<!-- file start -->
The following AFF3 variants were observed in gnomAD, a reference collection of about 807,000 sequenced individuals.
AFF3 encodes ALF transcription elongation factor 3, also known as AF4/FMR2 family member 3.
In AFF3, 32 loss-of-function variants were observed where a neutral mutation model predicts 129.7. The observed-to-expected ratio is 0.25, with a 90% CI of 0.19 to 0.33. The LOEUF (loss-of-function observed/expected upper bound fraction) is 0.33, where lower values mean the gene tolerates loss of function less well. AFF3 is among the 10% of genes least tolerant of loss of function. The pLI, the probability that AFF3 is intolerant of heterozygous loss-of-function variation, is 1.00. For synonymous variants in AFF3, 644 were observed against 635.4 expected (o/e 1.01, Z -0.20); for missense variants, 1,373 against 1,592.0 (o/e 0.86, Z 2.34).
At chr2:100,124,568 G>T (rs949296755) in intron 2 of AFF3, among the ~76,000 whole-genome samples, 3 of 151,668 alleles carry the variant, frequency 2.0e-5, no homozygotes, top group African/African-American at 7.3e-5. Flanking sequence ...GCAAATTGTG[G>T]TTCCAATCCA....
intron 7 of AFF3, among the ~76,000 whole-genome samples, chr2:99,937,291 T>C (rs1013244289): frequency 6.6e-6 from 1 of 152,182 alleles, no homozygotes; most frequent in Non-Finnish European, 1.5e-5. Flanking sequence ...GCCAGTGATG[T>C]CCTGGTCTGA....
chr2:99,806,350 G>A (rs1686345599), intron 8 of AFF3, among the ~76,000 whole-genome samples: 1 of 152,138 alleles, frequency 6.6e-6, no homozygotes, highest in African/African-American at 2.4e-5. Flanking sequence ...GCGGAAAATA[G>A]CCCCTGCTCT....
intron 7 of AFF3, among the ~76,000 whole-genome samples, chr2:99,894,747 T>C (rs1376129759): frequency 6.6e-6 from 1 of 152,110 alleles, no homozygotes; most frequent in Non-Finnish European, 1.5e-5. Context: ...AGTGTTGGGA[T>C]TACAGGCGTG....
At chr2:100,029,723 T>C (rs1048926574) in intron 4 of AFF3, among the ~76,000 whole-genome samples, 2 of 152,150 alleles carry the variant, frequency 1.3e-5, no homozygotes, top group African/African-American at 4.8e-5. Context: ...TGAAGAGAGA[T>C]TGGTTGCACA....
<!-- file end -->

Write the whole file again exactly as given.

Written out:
The following AFF3 variants were observed in gnomAD, a reference collection of about 807,000 sequenced individuals.
AFF3 encodes ALF transcription elongation factor 3, also known as AF4/FMR2 family member 3.
In AFF3, 32 loss-of-function variants were observed where a neutral mutation model predicts 129.7. The observed-to-expected ratio is 0.25, with a 90% CI of 0.19 to 0.33. The LOEUF (loss-of-function observed/expected upper bound fraction) is 0.33, where lower values mean the gene tolerates loss of function less well. AFF3 is among the 10% of genes least tolerant of loss of function. The pLI, the probability that AFF3 is intolerant of heterozygous loss-of-function variation, is 1.00. For synonymous variants in AFF3, 644 were observed against 635.4 expected (o/e 1.01, Z -0.20); for missense variants, 1,373 against 1,592.0 (o/e 0.86, Z 2.34).
At chr2:100,124,568 G>T (rs949296755) in intron 2 of AFF3, among the ~76,000 whole-genome samples, 3 of 151,668 alleles carry the variant, frequency 2.0e-5, no homozygotes, top group African/African-American at 7.3e-5. Flanking sequence ...GCAAATTGTG[G>T]TTCCAATCCA....
intron 7 of AFF3, among the ~76,000 whole-genome samples, chr2:99,937,291 T>C (rs1013244289): frequency 6.6e-6 from 1 of 152,182 alleles, no homozygotes; most frequent in Non-Finnish European, 1.5e-5. Flanking sequence ...GCCAGTGATG[T>C]CCTGGTCTGA....
chr2:99,806,350 G>A (rs1686345599), intron 8 of AFF3, among the ~76,000 whole-genome samples: 1 of 152,138 alleles, frequency 6.6e-6, no homozygotes, highest in African/African-American at 2.4e-5. Flanking sequence ...GCGGAAAATA[G>A]CCCCTGCTCT....
intron 7 of AFF3, among the ~76,000 whole-genome samples, chr2:99,894,747 T>C (rs1376129759): frequency 6.6e-6 from 1 of 152,110 alleles, no homozygotes; most frequent in Non-Finnish European, 1.5e-5. Context: ...AGTGTTGGGA[T>C]TACAGGCGTG....
At chr2:100,029,723 T>C (rs1048926574) in intron 4 of AFF3, among the ~76,000 whole-genome samples, 2 of 152,150 alleles carry the variant, frequency 1.3e-5, no homozygotes, top group African/African-American at 4.8e-5. Context: ...TGAAGAGAGA[T>C]TGGTTGCACA....